#3 Mr and Mrs my parents

Douglass is now married to Ida and they move down from Sydney to Melbourne. By now there are three little darlings: Robin and me and brother David.

That is me on the left and Robin on the right and the little fairheaded lad in the middle is David. We first of all lived in Hampton which is a bayside suburb of Melbourne fifteen kilometres south around the bay. Here it was that I had my first memory – my first detailed and total memory although I was probably a bit younger than I appear in the photo. I had tonsillitis and I am sure that these days the treatment would be less severe than back then. I had to have my tonsils surgically removed. Now the war had just about ended and soldiers were coming home. Many of the men had been in Changi, that most infamous of Japan’s prison camps where thousands died. Almost all required medical care when they came home. Because of this there was no room in hospitals for poor little boys like me and so the doctor came to our house and with the help of Aunty Elsie, who was a nurse, the kitchen table was made into an operating table and they chopped my tonsils out. I remember the bit where I was laid gently on the table and the next thing I remember was being allowed to eat icecream. That is the bit I remember the most.

We didn’t have a car back then and dad, who was handy with the making of things built a cart to carrying us around.

The pretty little dark haired girl at the back is Robin and she is looking after David and me and you aren’t allowed to put your hands over the side or they will get caught in the spokes and you will get your fingers cut off.

Dad accepted a position teaching in Caulfield at the Grammar School. Very soon the family decided – I wasn’t consulted – that we would move to Tyabb on the Mornington peninsula. Here we settled on a small farm of an unknown acreage.

We had cows for milk and calves and we sat on fences and we looked at the world and we cut hay.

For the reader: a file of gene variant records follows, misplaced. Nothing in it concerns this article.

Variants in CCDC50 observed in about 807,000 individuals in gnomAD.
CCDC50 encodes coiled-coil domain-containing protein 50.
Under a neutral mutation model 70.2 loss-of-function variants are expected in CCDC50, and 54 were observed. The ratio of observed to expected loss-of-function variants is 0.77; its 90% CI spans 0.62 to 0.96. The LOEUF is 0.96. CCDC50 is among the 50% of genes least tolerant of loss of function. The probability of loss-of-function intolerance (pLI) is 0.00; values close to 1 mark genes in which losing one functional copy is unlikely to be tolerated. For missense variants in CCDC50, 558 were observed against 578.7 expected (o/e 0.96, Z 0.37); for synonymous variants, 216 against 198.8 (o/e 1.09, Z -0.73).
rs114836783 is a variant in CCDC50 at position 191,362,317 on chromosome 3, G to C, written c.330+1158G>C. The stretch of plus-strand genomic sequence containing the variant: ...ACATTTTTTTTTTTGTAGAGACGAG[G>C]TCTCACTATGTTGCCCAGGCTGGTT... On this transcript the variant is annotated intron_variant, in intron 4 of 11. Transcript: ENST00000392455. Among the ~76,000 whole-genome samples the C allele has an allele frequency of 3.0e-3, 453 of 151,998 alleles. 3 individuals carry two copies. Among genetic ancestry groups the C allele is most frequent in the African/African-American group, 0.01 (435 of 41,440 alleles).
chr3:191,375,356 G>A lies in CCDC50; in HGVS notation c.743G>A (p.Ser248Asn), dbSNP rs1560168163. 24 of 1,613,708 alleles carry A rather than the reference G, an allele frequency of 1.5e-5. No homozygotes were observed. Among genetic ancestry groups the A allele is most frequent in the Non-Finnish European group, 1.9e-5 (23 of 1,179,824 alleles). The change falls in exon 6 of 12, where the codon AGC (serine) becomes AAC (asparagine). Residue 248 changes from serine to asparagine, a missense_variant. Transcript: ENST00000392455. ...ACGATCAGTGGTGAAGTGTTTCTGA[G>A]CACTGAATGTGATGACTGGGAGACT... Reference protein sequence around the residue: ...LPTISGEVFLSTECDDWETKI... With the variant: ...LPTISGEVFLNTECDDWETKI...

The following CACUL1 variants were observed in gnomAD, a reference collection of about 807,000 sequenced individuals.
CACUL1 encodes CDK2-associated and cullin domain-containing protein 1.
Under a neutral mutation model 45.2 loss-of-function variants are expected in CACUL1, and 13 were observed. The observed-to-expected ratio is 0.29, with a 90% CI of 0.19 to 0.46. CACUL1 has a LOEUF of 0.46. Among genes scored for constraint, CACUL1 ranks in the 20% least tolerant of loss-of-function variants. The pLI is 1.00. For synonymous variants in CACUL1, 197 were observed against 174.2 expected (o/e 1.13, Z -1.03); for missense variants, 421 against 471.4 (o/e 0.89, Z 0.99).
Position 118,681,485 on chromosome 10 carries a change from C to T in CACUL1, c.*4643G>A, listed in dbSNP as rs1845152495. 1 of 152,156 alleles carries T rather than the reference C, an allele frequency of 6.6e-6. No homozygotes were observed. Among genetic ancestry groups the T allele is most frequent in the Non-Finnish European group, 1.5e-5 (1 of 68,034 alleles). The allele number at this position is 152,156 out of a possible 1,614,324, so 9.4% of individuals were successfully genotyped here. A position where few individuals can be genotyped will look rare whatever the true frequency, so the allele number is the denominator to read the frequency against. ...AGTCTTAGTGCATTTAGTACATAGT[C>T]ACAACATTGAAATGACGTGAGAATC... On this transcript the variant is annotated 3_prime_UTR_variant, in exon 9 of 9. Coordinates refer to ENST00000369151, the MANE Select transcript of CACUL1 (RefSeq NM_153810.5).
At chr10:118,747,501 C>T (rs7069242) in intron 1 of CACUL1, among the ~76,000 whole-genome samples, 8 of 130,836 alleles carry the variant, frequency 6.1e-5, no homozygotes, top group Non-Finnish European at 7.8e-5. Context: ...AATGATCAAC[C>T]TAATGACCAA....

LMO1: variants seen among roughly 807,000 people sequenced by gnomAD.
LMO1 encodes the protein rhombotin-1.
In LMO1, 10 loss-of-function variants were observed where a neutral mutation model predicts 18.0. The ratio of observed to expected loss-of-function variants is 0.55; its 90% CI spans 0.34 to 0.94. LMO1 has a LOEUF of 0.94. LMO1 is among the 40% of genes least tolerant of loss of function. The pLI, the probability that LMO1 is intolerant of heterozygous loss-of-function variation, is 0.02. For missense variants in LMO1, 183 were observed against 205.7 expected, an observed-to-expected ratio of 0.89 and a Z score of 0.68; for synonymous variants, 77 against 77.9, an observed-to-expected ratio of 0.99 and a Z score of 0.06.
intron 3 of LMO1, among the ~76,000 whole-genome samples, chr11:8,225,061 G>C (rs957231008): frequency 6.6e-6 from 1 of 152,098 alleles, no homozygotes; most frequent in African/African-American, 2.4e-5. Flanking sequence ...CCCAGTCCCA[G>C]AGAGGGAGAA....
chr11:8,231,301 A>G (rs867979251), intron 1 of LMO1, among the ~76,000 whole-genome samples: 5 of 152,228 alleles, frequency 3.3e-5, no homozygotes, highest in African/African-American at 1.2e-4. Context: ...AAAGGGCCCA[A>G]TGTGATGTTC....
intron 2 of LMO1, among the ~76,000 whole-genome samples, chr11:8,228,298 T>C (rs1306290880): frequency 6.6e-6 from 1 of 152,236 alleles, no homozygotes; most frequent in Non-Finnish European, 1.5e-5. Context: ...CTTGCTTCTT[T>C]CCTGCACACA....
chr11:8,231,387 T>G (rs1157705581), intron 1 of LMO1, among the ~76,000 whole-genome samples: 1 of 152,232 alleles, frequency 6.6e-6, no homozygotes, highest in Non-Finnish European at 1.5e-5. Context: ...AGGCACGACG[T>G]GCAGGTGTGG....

Here is our mother teaching a baby calf to drink milk from a bucket. ( you stick your hand in the milk and then you stick you finger in the calf’s mouth and the calf starts to suck on you finger because it feels like its mother’s teat. Gradually you move your hand down into the milk and the calf follows the finger and eventually it gets some milk. In a few days it will stick its head in the bucket without the need for a finger in the mouth. It was a lot of fun as you can tell.)

There are two things to say about hay. My first memory of the hay paddock was walking through the long dry hay with Dad and a quail flew up out of the grass and we found the nest with eggs. I decided then and there to start an egg collection. Take good notice of what comes after. Dad made a knot of grass in four places around the nest – four corners about four paces apart so that we could go away and when we came back we would know where the nest was. I was impatient because I wanted to get the eggs right then but Dad took me back to the house and I went inside and asked Mother for a soup spoon. Why? Because Dad told me to. Then we went back to the paddock and found the nest again with the help of the four knots. “How many eggs are in the nest?” I was asked. Quails lay about six eggs but in this nest there were only four. I wanted all four. “You can take one only.” But I wanted all four. “If you take all of them then there won’t be any baby quails born and if every boy takes all the eggs then sooner or later there will be no quails left”. So I took one and carried it carefully in the soup spoon.